How to Work Failure Into Your IoT Project Planning

The Internet of Things (IoT) is exploding in terms of innovation and product delivery right now, and it is estimated there will be more than 50 billion IoT devices in use just three years from now. Companies are scrambling to jump on board the IoT train, greenlighting new projects right and left. However, IoT is still young. There is a lot that isn’t known, there are possibilities that haven’t even been thought of yet and there is considerable room for failure.  While it is always admirable to have faith that your tech innovators will succeed, the reality is failure is almost inevitable in new tech innovations, and it is critical to work failure into every IoT project plan.

Failing to Plan Is Planning to Fail

Eight out of ten IoT projects fail before they are ever launched, according to Gartner research. This failure rate isn’t due to a lack of talent or a lack of resources, it’s due to a lack of planning. Many companies get lured in by “shiny objects” in technology. When something new and exciting comes along, they launch a project just for the sake of being involved. Jumping into IoT just for IoT’s sake is a recipe for failure. Successful IoT projects are only launched when project leaders can define a clear business case for delivering a benefit.

Most companies don’t launch new products or services or invest in new machinery without conducting a cost-benefit analysis. They only make investments when and where it makes sense. But with some tech projects like IoT, that logic goes out the window. If you want your IoT project to have a prayer of succeeding, it must have clearly defined goals.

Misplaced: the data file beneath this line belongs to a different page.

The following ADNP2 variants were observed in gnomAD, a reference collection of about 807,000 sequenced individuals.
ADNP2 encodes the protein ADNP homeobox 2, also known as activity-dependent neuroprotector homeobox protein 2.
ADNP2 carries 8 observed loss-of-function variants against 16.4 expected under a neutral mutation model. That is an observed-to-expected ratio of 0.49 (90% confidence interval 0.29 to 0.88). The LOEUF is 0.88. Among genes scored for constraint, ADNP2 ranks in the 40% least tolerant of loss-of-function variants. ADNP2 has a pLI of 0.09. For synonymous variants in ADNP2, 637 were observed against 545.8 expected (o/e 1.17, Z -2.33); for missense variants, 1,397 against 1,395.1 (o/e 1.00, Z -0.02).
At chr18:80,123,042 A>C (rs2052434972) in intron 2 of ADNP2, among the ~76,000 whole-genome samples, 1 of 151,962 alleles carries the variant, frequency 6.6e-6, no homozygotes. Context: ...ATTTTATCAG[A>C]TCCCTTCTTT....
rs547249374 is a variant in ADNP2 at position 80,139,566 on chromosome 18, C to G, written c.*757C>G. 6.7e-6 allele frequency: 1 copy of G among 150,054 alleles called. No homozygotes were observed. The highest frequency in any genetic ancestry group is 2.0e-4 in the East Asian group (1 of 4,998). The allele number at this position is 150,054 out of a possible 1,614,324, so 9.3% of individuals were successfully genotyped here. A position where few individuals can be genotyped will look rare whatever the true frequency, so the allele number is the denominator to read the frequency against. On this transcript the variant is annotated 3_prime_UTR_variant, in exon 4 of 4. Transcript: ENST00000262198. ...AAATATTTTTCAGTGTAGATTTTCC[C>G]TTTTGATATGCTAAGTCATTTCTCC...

Planning for Success Doesn’t Guarantee Success

Even if the company has defined a business case for IoT, it does not guarantee the project will ultimately be successful. Every IoT project plan must include the possibility of failure. Tech companies understand that many projects fail and they account for that failure with, “skunkworks,” projects or teams that are given free rein to innovate, with the full understanding that there will be a fair share of duds.

Non-tech companies or companies on a tight budget often do not have the risk tolerance for “skunkworks,” but if innovation is a core company value, things need to change. IoT teams need to be given some leeway to try new things and experiment without the fear their project will be completely shut down if they fail.

Tech leaders need to build failures into the project budget and timeline from the outset, and they must be able to justify that expense to the rest of the executive team through the benefit of the end result. If the project ultimately succeeds, the return should be greater than the losses to failures. Many non-technical leaders will have difficulty wrapping their heads around the idea of “failure planning,” but applying logic and numbers can often help overcome those objections.

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